Police evacuate STSS after email bomb threat

Classes in the building were suspended for more than an hour as police searched, finding nothing.

A Hennepin County Sherif's deputy walks a bomb-sniffing dog into the Science Teaching & Student Services building Monday afternoon on the East Bank.

Mark Vancleave

A Hennepin County Sherif’s deputy walks a bomb-sniffing dog into the Science Teaching & Student Services building Monday afternoon on the East Bank.

Kyle Potter

More than an hour after being rushed out of the building due to a bomb threat Monday afternoon, University of Minnesota students funneled back into the Science Teaching & Student Services building at about 3:15 p.m.
University police evacuated the building around 1:40 p.m. due to a bomb threat received via email. The University sent a TXT-U alert at about 2 p.m.
University police Deputy Chief Chuck Miner said an email sent to University police at about 12:30 p.m. threatened that a bomb would detonate inside STSS at 1:45 p.m.
The email was sent to an account that isnâÄôt monitored constantly, Miner said, and wasnâÄôt opened until about 1:15 p.m.
Miner said the âÄúfairly shortâÄù email threat did not come from a University email address. University police will do some âÄúelectronic investigatingâÄù to try and find the culprit, he added.
âÄúOn many occasions, itâÄôs people trying to avoid some sort of a test or a project thatâÄôs due,âÄù he said.
University police evaluate the credibility of each threat before making a decision to clear out a building, Chief Greg Hestness said.
Hestness said a more specific threat will generally be taken more seriously. University police factored the emailâÄôs reference to an exact time into the decision to evacuate, he said.
âÄúYou donâÄôt make a decision about an evacuation lightly,âÄù Hestness said, though he added that University police will âÄúerr more often on the side of caution,âÄù as in MondayâÄôs hoax.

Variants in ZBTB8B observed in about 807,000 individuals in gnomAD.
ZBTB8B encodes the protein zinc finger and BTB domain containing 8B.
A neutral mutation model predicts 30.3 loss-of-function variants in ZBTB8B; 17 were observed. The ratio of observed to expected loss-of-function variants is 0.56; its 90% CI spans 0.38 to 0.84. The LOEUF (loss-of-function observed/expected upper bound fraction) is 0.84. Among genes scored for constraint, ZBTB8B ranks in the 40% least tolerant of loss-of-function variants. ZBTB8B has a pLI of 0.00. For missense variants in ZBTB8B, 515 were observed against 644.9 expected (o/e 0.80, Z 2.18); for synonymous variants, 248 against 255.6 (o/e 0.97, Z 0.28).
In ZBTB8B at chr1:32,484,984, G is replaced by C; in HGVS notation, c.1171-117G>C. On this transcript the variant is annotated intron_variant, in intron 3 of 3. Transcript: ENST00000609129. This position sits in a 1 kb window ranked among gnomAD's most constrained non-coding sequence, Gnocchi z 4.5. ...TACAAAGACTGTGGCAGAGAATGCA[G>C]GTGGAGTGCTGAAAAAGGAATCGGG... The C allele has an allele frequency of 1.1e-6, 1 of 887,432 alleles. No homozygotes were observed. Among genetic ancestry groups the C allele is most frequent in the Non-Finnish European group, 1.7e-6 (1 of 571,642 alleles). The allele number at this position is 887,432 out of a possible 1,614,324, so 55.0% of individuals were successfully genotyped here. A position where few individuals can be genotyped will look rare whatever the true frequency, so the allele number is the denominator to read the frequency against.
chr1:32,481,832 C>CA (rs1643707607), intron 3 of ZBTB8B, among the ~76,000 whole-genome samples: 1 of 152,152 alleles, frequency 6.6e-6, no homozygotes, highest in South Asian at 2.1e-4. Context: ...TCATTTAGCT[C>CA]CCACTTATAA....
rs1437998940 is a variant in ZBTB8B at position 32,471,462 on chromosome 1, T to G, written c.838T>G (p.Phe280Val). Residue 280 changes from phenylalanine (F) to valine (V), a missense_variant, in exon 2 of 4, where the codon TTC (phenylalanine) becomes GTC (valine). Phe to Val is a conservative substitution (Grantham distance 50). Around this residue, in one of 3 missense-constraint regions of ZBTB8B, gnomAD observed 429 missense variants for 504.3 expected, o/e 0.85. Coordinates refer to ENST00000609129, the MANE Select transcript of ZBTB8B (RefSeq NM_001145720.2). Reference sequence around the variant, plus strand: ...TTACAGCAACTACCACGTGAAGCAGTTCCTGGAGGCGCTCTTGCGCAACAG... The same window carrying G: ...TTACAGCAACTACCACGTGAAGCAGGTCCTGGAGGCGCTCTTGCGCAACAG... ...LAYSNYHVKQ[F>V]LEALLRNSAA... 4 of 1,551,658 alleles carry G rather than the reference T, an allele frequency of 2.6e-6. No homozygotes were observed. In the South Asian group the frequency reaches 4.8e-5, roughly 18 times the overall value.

University police entered the building at about 1:30 p.m. and considered the number of students inside and how many officers were available to help conduct the search. They began the evacuation roughly 10 minutes later, just five minutes before the threatened blast.
Police cordoned off the entrances to the building with yellow caution tape. Guards stationed at each entrance kept students at a distance while police swept through the building room-by-room, aided by two bomb-sniffing Labradors.
Students lounged on benches and sidewalks 30 feet away as they waited for the all-clear to re-enter the building.
Shereen El Deeb, a communication studies senior, was sitting through the last few minutes of her class when she was ushered out.
âÄúA female police officer came in and said âÄòGet out now, weâÄôre evacuating the buildingâÄô âĦ then she just walked away,âÄù El Deeb said as she sat waiting on the walking bridge benches outside STSS. âÄúI have another class at 4 p.m. thatâÄôs supposed to be in this building.âÄù
Students cheered when police exited the building at about 3:15 p.m. and tore away the yellow tape, having found no signs of a bomb. Roughly 1,000 students were evacuated or prevented from entering the building during the search.
Though STSS is a new building âÄî it opened just in time for fall semester âÄî Hestness said the search was easier than most. Other buildings University police have combed through in search of explosives in the past are âÄúmazes, with lots of small offices on every floor.âÄù
âÄîLuke Feuerherm contributed to this report.